The commission investigated these practices with the aim of identifying the specific persons responsible for generating the crisis, so that they can compensate the Spanish citizens for the damage they caused. It was also necessary to analyse the institutional model that has allowed this great scam, in order to distance ourselves from it so that this does not reoccur in Spain. The rest of this article will mention some of the conclusions and findings of the commission briefly, given that the opinion of the parliamentary group of Unidos Podemos-En Comun Podem-En Marea on which it is based contains more than 350 pages.

The financial crisis was the result of financial deregulation and liberalisation in the field of housing and urban development, promoted since the beginning of neoliberalism in Europe in the mid-1970s, and the subsequent entry of Spain into the European Economic Community in the mid-1980s. Various regulatory changes facilitated such a dynamic of cooperation between political parties and financial institutions, especially in the savings banks sub-sector, through the deregulation of their credit activities and the authorisation of their territorial expansion outside their place of origin. This initial process, known as ‘bankarisation’, was aimed at enabling savings banks to compete in the same market as Spanish and European banks.

The commission has also found that there was excessive exposure to the real estate market by credit institutions. These institutions participated actively in this market, very often through the creation of companies, in which they held an interest, that acted as real estate developers, providing them with loans. In the mid-1990s, the weight of the real estate sector credit was 31% of the total credit to the resident private sector and 59% in the case of savings banks. In 2009, the weight of real estate loans had risen to 57% for banks and 74% for savings banks. In the case of banks, growth was mainly due to loans to developers, which rose from 4% to 18% in that period, while for savings banks it rose from 5.5% to 21%.

It should be noted that large inflows of international credit increased sharply with the entry into the euro in 1999. The euro caused a persistent current account deficit in Spain. Any monetary union between nations needs the stable maintenance of real exchange rates. This means that the variation in prices in the different regions must correspond to the productivity gains of each region plus a common inflation target, which in the case of the Eurozone ought to be the inflation target of 1.9% included in the ECB’s price stability mandate.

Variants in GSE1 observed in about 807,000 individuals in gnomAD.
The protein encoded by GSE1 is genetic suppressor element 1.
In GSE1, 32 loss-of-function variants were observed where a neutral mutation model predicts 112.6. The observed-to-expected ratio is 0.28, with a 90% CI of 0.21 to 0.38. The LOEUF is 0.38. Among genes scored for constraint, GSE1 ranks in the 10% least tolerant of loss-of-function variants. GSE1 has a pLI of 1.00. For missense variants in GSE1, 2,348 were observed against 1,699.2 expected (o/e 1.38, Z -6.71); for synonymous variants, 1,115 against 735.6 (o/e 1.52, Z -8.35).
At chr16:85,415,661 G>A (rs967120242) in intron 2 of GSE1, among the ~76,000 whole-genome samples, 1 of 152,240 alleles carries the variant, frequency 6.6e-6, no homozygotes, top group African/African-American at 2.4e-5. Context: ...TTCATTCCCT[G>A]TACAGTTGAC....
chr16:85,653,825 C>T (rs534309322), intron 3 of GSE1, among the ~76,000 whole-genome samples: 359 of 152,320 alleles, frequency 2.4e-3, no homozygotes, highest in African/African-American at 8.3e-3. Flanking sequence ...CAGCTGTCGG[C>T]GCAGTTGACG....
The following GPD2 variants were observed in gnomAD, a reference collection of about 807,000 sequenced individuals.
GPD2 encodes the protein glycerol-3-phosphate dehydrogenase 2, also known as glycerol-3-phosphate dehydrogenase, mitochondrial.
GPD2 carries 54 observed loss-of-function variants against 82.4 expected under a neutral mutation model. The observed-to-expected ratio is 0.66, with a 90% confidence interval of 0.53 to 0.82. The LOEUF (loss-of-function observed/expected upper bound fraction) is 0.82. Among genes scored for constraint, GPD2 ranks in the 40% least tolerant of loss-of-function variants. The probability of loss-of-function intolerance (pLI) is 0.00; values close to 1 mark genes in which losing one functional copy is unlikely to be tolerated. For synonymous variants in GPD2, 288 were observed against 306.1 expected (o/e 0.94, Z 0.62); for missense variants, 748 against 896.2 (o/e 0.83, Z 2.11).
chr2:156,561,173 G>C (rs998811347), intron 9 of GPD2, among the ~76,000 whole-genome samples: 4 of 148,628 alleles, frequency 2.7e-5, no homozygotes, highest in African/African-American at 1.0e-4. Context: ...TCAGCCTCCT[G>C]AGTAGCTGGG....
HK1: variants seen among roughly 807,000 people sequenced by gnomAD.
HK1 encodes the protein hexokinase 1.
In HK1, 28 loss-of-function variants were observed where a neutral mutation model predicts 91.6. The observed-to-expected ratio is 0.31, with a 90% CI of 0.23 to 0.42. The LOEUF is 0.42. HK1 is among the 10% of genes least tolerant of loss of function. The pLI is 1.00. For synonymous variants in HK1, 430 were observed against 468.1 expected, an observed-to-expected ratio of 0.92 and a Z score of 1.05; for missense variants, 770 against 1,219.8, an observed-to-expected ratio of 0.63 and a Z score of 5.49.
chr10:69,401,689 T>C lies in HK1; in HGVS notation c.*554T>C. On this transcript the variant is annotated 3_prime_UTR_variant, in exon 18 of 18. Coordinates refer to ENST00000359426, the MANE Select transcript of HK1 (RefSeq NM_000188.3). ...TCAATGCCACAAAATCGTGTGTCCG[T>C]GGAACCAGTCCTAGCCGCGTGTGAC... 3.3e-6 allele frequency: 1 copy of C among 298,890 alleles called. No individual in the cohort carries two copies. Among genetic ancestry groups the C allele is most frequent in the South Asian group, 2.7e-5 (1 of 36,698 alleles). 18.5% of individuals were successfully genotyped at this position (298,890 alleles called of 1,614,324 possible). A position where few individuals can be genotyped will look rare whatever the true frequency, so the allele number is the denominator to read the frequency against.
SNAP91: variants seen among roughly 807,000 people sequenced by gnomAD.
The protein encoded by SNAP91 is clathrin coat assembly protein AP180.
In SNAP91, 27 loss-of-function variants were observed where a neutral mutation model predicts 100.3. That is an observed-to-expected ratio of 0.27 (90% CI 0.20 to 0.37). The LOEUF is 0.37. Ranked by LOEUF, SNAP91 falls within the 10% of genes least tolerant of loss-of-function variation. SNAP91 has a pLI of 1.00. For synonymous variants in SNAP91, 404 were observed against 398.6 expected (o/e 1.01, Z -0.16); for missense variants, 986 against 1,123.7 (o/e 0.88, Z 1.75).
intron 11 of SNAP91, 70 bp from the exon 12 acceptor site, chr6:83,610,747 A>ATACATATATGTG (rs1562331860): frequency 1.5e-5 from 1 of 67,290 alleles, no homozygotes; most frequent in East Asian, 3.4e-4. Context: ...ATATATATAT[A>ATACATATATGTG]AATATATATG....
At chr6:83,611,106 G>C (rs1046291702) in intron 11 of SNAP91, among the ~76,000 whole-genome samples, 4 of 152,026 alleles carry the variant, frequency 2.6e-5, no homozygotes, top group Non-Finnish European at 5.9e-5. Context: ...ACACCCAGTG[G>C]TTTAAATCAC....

Germany, from the end of the 1990s onwards, did not respect this agreement and kept wages significantly below this index (the evolution of wages has an almost perfect 1:1 correlation with the evolution of prices), while Spain and other peripheral countries surpassed this index. This divergence between Germany and the rest led to a devaluation of the real exchange rate in Germany, which made it easier for Germany to become a major exporter of goods and capital to its neighbours in the euro area. In the case of Spain, such external deficits were financed through credit captured in wholesale markets, which was used to inflate the real estate bubble.

One of the outstanding examples of the blunder carried out by the entities in the real estate sector was the creation by Caixa Catalunya of a conglomerate of real state agencies at the same time as it was dedicated to granting mortgages to those same companies, which it did with massive financing. According to statements by its former director, Adolf Todó, in the investigation commission of the Parliament of Catalonia carried out in 2013-14, Procam, the real estate conglomarate company “was one of the five largest real estate conglomerate companies in Spain. Through this conglomerate of 80 subsidiaries, 4,500 million euros were invested in development activity in Spain and abroad”.

Another example of this was the Caja de Ahorros del Mediterráneo (CAM) in the period between 2001 and 2008. According to official figures, the institution had a risk of between 11 and 16 billion in loans to real estate development companies. CAM had a stake in up to 66 companies and 104 projects linked to the real estate sector. In those years, according to statements by its own ex-managers, the bank guaranteed loans to builders with a simple rustic plot of  land, assuming that in a couple of years its price was going to multiply as a result of speculation and reclassification as building property.

This whole process was carried out with the approval of regulatory and supervisory bodies in Spain and the ECB at the European level, which were found to be aware of the enormous risk posed by the crony credit model centred on the real estate sector. This situation can only be explained by the capture of the regulatory bodies by the interests of the political and economic elites, in a similar way to what happened in the savings banks and banks themselves by the regional and local elites.